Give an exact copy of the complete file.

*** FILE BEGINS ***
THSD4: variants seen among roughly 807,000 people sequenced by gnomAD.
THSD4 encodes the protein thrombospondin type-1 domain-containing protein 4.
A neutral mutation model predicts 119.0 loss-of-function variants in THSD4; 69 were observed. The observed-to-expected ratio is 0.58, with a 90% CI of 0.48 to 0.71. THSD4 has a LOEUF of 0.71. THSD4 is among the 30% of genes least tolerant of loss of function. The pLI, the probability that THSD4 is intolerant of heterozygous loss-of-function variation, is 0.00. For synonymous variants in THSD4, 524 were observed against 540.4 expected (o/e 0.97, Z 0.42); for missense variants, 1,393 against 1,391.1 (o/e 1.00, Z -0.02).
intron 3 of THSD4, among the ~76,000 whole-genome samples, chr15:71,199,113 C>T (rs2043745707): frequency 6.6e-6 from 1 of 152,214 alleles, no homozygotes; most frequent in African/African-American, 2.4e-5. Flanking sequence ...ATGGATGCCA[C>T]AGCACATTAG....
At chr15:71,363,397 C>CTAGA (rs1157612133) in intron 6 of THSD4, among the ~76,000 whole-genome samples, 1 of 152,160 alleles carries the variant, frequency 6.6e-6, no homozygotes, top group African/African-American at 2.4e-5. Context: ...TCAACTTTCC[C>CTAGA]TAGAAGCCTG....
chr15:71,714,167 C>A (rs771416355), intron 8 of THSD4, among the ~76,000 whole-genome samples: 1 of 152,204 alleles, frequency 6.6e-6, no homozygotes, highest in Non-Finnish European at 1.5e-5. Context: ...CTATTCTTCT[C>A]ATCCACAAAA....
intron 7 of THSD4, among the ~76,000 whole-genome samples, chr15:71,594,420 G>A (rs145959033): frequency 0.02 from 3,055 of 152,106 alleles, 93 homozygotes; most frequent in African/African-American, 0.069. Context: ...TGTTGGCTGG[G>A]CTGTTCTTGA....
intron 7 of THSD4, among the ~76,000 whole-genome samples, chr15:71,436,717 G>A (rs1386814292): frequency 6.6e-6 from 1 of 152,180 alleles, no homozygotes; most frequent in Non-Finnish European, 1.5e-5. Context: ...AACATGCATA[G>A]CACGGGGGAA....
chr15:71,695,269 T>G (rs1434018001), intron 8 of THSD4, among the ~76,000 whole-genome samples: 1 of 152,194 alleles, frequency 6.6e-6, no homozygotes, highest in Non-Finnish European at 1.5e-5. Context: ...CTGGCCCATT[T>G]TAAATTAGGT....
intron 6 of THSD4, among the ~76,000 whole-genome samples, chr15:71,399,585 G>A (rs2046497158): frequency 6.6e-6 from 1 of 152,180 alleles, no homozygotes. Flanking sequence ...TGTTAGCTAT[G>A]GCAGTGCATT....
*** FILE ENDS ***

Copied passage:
THSD4: variants seen among roughly 807,000 people sequenced by gnomAD.
THSD4 encodes the protein thrombospondin type-1 domain-containing protein 4.
A neutral mutation model predicts 119.0 loss-of-function variants in THSD4; 69 were observed. The observed-to-expected ratio is 0.58, with a 90% CI of 0.48 to 0.71. THSD4 has a LOEUF of 0.71. THSD4 is among the 30% of genes least tolerant of loss of function. The pLI, the probability that THSD4 is intolerant of heterozygous loss-of-function variation, is 0.00. For synonymous variants in THSD4, 524 were observed against 540.4 expected (o/e 0.97, Z 0.42); for missense variants, 1,393 against 1,391.1 (o/e 1.00, Z -0.02).
intron 3 of THSD4, among the ~76,000 whole-genome samples, chr15:71,199,113 C>T (rs2043745707): frequency 6.6e-6 from 1 of 152,214 alleles, no homozygotes; most frequent in African/African-American, 2.4e-5. Flanking sequence ...ATGGATGCCA[C>T]AGCACATTAG....
At chr15:71,363,397 C>CTAGA (rs1157612133) in intron 6 of THSD4, among the ~76,000 whole-genome samples, 1 of 152,160 alleles carries the variant, frequency 6.6e-6, no homozygotes, top group African/African-American at 2.4e-5. Context: ...TCAACTTTCC[C>CTAGA]TAGAAGCCTG....
chr15:71,714,167 C>A (rs771416355), intron 8 of THSD4, among the ~76,000 whole-genome samples: 1 of 152,204 alleles, frequency 6.6e-6, no homozygotes, highest in Non-Finnish European at 1.5e-5. Context: ...CTATTCTTCT[C>A]ATCCACAAAA....
intron 7 of THSD4, among the ~76,000 whole-genome samples, chr15:71,594,420 G>A (rs145959033): frequency 0.02 from 3,055 of 152,106 alleles, 93 homozygotes; most frequent in African/African-American, 0.069. Context: ...TGTTGGCTGG[G>A]CTGTTCTTGA....
intron 7 of THSD4, among the ~76,000 whole-genome samples, chr15:71,436,717 G>A (rs1386814292): frequency 6.6e-6 from 1 of 152,180 alleles, no homozygotes; most frequent in Non-Finnish European, 1.5e-5. Context: ...AACATGCATA[G>A]CACGGGGGAA....
chr15:71,695,269 T>G (rs1434018001), intron 8 of THSD4, among the ~76,000 whole-genome samples: 1 of 152,194 alleles, frequency 6.6e-6, no homozygotes, highest in Non-Finnish European at 1.5e-5. Context: ...CTGGCCCATT[T>G]TAAATTAGGT....
intron 6 of THSD4, among the ~76,000 whole-genome samples, chr15:71,399,585 G>A (rs2046497158): frequency 6.6e-6 from 1 of 152,180 alleles, no homozygotes. Flanking sequence ...TGTTAGCTAT[G>A]GCAGTGCATT....